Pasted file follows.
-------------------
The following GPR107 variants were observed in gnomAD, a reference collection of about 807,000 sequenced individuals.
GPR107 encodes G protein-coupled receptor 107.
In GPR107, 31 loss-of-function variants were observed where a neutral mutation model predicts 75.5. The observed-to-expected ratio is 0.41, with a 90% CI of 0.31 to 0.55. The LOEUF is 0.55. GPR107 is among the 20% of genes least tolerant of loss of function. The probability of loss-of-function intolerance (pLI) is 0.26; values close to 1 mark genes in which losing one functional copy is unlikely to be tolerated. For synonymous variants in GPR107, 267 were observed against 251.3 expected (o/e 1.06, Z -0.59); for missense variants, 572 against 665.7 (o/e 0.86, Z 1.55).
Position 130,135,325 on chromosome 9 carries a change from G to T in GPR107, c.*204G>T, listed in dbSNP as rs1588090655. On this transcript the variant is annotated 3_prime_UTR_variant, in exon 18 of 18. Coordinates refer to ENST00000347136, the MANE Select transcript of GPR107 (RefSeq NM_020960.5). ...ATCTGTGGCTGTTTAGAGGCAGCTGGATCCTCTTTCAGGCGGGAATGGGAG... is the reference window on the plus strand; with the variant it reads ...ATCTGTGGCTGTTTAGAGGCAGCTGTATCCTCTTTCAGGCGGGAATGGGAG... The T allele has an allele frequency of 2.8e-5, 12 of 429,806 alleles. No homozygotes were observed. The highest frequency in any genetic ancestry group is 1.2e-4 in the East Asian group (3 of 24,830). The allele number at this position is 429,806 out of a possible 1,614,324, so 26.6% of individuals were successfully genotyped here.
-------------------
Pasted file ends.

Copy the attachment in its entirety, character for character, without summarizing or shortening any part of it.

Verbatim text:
The following GPR107 variants were observed in gnomAD, a reference collection of about 807,000 sequenced individuals.
GPR107 encodes G protein-coupled receptor 107.
In GPR107, 31 loss-of-function variants were observed where a neutral mutation model predicts 75.5. The observed-to-expected ratio is 0.41, with a 90% CI of 0.31 to 0.55. The LOEUF is 0.55. GPR107 is among the 20% of genes least tolerant of loss of function. The probability of loss-of-function intolerance (pLI) is 0.26; values close to 1 mark genes in which losing one functional copy is unlikely to be tolerated. For synonymous variants in GPR107, 267 were observed against 251.3 expected (o/e 1.06, Z -0.59); for missense variants, 572 against 665.7 (o/e 0.86, Z 1.55).
Position 130,135,325 on chromosome 9 carries a change from G to T in GPR107, c.*204G>T, listed in dbSNP as rs1588090655. On this transcript the variant is annotated 3_prime_UTR_variant, in exon 18 of 18. Coordinates refer to ENST00000347136, the MANE Select transcript of GPR107 (RefSeq NM_020960.5). ...ATCTGTGGCTGTTTAGAGGCAGCTGGATCCTCTTTCAGGCGGGAATGGGAG... is the reference window on the plus strand; with the variant it reads ...ATCTGTGGCTGTTTAGAGGCAGCTGTATCCTCTTTCAGGCGGGAATGGGAG... The T allele has an allele frequency of 2.8e-5, 12 of 429,806 alleles. No homozygotes were observed. The highest frequency in any genetic ancestry group is 1.2e-4 in the East Asian group (3 of 24,830). The allele number at this position is 429,806 out of a possible 1,614,324, so 26.6% of individuals were successfully genotyped here.